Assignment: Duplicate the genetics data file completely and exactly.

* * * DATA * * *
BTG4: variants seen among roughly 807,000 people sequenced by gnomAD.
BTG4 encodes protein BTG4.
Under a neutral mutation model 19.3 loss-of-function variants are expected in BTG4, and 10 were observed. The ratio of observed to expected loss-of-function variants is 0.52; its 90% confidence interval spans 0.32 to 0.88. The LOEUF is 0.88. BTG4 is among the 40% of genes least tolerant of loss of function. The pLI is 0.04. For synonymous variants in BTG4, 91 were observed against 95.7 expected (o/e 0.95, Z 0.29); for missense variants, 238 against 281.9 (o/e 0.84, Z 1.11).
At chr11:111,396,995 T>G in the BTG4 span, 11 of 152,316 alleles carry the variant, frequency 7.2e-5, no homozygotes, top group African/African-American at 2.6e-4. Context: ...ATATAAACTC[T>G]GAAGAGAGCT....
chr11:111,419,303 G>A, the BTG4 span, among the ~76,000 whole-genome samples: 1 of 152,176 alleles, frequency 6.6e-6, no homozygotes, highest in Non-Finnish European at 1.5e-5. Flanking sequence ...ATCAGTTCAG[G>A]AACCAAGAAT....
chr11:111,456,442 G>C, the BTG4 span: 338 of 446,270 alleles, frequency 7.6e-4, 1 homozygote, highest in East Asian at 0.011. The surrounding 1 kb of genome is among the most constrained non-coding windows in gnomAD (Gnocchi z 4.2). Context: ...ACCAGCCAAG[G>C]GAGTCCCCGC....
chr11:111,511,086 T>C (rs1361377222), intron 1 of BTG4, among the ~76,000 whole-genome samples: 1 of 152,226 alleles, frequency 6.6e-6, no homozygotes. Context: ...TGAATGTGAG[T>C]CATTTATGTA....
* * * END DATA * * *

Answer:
BTG4: variants seen among roughly 807,000 people sequenced by gnomAD.
BTG4 encodes protein BTG4.
Under a neutral mutation model 19.3 loss-of-function variants are expected in BTG4, and 10 were observed. The ratio of observed to expected loss-of-function variants is 0.52; its 90% confidence interval spans 0.32 to 0.88. The LOEUF is 0.88. BTG4 is among the 40% of genes least tolerant of loss of function. The pLI is 0.04. For synonymous variants in BTG4, 91 were observed against 95.7 expected (o/e 0.95, Z 0.29); for missense variants, 238 against 281.9 (o/e 0.84, Z 1.11).
At chr11:111,396,995 T>G in the BTG4 span, 11 of 152,316 alleles carry the variant, frequency 7.2e-5, no homozygotes, top group African/African-American at 2.6e-4. Context: ...ATATAAACTC[T>G]GAAGAGAGCT....
chr11:111,419,303 G>A, the BTG4 span, among the ~76,000 whole-genome samples: 1 of 152,176 alleles, frequency 6.6e-6, no homozygotes, highest in Non-Finnish European at 1.5e-5. Flanking sequence ...ATCAGTTCAG[G>A]AACCAAGAAT....
chr11:111,456,442 G>C, the BTG4 span: 338 of 446,270 alleles, frequency 7.6e-4, 1 homozygote, highest in East Asian at 0.011. The surrounding 1 kb of genome is among the most constrained non-coding windows in gnomAD (Gnocchi z 4.2). Context: ...ACCAGCCAAG[G>C]GAGTCCCCGC....
chr11:111,511,086 T>C (rs1361377222), intron 1 of BTG4, among the ~76,000 whole-genome samples: 1 of 152,226 alleles, frequency 6.6e-6, no homozygotes. Context: ...TGAATGTGAG[T>C]CATTTATGTA....